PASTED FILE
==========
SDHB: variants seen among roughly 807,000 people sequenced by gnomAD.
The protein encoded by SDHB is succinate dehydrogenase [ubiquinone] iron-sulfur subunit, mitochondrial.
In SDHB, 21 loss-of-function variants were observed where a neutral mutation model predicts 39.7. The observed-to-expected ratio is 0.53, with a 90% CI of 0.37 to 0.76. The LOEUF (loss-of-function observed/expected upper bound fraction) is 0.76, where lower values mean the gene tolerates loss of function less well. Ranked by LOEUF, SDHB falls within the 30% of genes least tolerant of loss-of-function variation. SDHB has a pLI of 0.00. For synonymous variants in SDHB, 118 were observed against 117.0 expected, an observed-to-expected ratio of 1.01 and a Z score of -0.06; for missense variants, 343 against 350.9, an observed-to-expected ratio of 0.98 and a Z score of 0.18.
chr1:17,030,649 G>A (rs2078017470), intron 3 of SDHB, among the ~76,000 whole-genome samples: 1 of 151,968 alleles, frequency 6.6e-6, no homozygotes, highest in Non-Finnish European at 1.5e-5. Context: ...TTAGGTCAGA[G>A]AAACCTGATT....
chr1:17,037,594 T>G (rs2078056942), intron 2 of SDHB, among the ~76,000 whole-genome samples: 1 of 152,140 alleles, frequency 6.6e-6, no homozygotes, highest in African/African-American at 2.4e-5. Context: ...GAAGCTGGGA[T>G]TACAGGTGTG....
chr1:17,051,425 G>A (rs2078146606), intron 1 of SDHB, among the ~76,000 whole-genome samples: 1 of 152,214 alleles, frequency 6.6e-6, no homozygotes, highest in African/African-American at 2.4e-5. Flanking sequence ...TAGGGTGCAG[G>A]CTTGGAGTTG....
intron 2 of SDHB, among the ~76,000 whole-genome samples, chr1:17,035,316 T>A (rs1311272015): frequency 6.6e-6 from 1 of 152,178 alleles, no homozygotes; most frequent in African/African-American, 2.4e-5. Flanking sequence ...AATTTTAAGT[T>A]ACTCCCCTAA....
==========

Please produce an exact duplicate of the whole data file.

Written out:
SDHB: variants seen among roughly 807,000 people sequenced by gnomAD.
The protein encoded by SDHB is succinate dehydrogenase [ubiquinone] iron-sulfur subunit, mitochondrial.
In SDHB, 21 loss-of-function variants were observed where a neutral mutation model predicts 39.7. The observed-to-expected ratio is 0.53, with a 90% CI of 0.37 to 0.76. The LOEUF (loss-of-function observed/expected upper bound fraction) is 0.76, where lower values mean the gene tolerates loss of function less well. Ranked by LOEUF, SDHB falls within the 30% of genes least tolerant of loss-of-function variation. SDHB has a pLI of 0.00. For synonymous variants in SDHB, 118 were observed against 117.0 expected, an observed-to-expected ratio of 1.01 and a Z score of -0.06; for missense variants, 343 against 350.9, an observed-to-expected ratio of 0.98 and a Z score of 0.18.
chr1:17,030,649 G>A (rs2078017470), intron 3 of SDHB, among the ~76,000 whole-genome samples: 1 of 151,968 alleles, frequency 6.6e-6, no homozygotes, highest in Non-Finnish European at 1.5e-5. Context: ...TTAGGTCAGA[G>A]AAACCTGATT....
chr1:17,037,594 T>G (rs2078056942), intron 2 of SDHB, among the ~76,000 whole-genome samples: 1 of 152,140 alleles, frequency 6.6e-6, no homozygotes, highest in African/African-American at 2.4e-5. Context: ...GAAGCTGGGA[T>G]TACAGGTGTG....
chr1:17,051,425 G>A (rs2078146606), intron 1 of SDHB, among the ~76,000 whole-genome samples: 1 of 152,214 alleles, frequency 6.6e-6, no homozygotes, highest in African/African-American at 2.4e-5. Flanking sequence ...TAGGGTGCAG[G>A]CTTGGAGTTG....
intron 2 of SDHB, among the ~76,000 whole-genome samples, chr1:17,035,316 T>A (rs1311272015): frequency 6.6e-6 from 1 of 152,178 alleles, no homozygotes; most frequent in African/African-American, 2.4e-5. Flanking sequence ...AATTTTAAGT[T>A]ACTCCCCTAA....